FIGURE 3.1. Vertical temperature profile for the ''US standard atmosphere" at 40° N in December.
Coming down from the top of the atmosphere, the first hot spot evident in Fig. 3.1 is the thermosphere, where the temperature is very high and variable. It is here that very short wavelength UV is absorbed by oxygen (cf. Section 2.2), thus heating the region. Molecules (including O2 as well as CO2, the dominant IR emitter at this altitude) are dissociated (photolyzed) by high-energy UV (A < 0.1 ^m). Therefore, because of the scarcity of polyatomic molecules, IR loss of energy is weak, so the temperature of the region gets very high (as high as 1000 K). The air is so tenuous that assumptions of local thermodynamic equilibrium, as in blackbody radiation, are not applicable. At and above these altitudes, the atmosphere becomes ionized (the ionosphere), causing reflection of radio waves, a property of the upper atmosphere that is of great practical importance.
Below the mesopause at about 80-90 km altitude, temperature increases, moving down through the mesosphere to reach a maximum at the stratopause, near 50 km, the second hot spot. This maximum is a direct result of absorption of medium wavelength UV (0.1 nm to 0.35 ^m) by ozone. It is interesting to note that ozone concentration peaks much lower down in the atmosphere, at heights of 20-30 km, as illustrated in Fig. 3.2. This is because the ozone layer is very opaque to UV (cf. Fig. 2.6), so most of the UV flux is absorbed in the upper parts of the layer, and there is little left to be absorbed at lower altitudes.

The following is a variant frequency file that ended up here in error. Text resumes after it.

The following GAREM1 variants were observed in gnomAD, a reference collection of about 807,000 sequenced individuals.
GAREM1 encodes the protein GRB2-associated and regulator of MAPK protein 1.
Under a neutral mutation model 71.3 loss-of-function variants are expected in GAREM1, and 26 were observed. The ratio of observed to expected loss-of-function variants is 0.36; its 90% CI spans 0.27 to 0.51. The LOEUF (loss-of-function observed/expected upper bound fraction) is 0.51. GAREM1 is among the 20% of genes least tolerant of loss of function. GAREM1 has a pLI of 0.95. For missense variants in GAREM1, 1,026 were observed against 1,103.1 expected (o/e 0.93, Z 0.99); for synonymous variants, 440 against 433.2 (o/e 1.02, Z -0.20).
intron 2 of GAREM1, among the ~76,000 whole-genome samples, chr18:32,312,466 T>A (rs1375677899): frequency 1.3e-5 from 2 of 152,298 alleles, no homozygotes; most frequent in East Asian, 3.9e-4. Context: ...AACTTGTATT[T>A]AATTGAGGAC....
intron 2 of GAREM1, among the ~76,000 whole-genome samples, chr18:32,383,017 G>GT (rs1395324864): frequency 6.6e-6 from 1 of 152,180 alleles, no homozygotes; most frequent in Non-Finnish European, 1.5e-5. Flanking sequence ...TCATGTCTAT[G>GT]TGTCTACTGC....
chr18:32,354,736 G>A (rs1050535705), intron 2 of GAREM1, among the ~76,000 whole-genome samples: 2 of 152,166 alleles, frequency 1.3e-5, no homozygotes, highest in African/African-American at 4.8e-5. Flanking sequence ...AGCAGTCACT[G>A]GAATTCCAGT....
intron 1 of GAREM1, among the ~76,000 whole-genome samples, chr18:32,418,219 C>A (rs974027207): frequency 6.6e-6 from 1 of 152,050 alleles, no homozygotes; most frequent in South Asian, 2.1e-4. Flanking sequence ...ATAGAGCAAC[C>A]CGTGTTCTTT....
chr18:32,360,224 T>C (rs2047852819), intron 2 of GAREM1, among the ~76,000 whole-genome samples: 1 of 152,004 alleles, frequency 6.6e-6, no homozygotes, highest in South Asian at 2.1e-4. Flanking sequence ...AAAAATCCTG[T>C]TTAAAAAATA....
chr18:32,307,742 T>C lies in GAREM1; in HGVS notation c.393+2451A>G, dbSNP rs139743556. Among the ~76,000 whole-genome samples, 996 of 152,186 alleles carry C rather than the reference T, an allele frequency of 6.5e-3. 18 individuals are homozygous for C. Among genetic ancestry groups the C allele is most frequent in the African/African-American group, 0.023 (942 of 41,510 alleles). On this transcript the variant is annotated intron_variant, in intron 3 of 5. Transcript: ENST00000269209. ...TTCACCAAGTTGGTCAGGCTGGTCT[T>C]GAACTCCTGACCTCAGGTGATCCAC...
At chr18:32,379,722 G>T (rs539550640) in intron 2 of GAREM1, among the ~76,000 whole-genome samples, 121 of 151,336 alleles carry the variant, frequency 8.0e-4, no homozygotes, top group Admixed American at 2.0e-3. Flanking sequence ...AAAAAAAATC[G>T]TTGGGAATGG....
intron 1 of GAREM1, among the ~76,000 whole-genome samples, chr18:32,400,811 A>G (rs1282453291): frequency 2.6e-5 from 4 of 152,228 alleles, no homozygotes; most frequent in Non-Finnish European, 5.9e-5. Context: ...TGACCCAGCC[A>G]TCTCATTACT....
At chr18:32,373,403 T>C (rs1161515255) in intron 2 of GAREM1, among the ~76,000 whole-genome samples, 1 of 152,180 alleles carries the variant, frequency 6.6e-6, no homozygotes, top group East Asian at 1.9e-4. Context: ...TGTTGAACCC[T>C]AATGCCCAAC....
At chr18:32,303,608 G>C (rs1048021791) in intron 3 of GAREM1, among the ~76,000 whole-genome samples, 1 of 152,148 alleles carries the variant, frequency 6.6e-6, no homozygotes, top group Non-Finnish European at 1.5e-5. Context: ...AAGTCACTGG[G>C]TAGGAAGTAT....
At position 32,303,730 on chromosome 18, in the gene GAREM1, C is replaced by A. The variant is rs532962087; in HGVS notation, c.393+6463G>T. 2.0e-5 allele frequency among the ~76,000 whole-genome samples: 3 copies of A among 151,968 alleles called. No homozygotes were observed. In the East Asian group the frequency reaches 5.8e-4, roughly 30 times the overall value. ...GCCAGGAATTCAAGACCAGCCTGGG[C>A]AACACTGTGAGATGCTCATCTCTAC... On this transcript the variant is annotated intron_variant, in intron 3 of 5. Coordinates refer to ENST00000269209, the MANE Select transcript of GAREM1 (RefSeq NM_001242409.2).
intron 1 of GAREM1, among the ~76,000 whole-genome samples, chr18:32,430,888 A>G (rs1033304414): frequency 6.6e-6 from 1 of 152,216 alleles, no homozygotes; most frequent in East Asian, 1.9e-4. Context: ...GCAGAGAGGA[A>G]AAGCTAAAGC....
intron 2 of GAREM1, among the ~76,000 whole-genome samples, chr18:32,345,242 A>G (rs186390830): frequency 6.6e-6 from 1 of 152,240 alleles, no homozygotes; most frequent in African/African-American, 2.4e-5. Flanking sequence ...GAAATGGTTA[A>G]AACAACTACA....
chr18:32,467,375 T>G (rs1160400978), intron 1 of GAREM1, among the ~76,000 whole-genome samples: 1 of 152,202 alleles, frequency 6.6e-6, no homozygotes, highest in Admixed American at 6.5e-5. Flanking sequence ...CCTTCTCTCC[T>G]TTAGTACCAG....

The reason for the existence of ozone at these levels is that it is produced here, as a by-product of the photodissociation (photolysis) of molecular oxygen, producing atomic oxygen, which may then combine with molecular oxygen thus:
where hv is the energy of incoming photons (v is their frequency and h is Planck's
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